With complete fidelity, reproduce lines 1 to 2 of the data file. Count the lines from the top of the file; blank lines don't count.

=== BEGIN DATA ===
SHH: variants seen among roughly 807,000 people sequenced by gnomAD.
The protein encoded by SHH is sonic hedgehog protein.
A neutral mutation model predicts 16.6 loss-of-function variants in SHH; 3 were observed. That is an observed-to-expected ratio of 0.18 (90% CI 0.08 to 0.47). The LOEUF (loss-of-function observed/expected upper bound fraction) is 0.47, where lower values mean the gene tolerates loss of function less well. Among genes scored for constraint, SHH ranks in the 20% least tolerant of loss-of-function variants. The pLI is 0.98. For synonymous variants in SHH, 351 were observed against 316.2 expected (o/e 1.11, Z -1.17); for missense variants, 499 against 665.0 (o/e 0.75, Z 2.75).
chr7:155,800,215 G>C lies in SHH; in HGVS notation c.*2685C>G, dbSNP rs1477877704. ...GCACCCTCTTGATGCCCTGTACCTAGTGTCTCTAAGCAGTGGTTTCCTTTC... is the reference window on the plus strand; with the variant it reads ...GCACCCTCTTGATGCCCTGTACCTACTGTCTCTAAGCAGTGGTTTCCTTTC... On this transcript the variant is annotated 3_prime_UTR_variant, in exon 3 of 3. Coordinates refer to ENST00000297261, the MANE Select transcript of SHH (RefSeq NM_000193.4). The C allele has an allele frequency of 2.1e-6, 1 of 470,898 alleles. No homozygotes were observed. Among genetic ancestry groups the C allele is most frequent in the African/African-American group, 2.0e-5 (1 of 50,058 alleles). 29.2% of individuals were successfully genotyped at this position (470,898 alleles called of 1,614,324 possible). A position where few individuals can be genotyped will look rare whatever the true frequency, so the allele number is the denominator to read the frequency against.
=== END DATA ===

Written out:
SHH: variants seen among roughly 807,000 people sequenced by gnomAD.
The protein encoded by SHH is sonic hedgehog protein.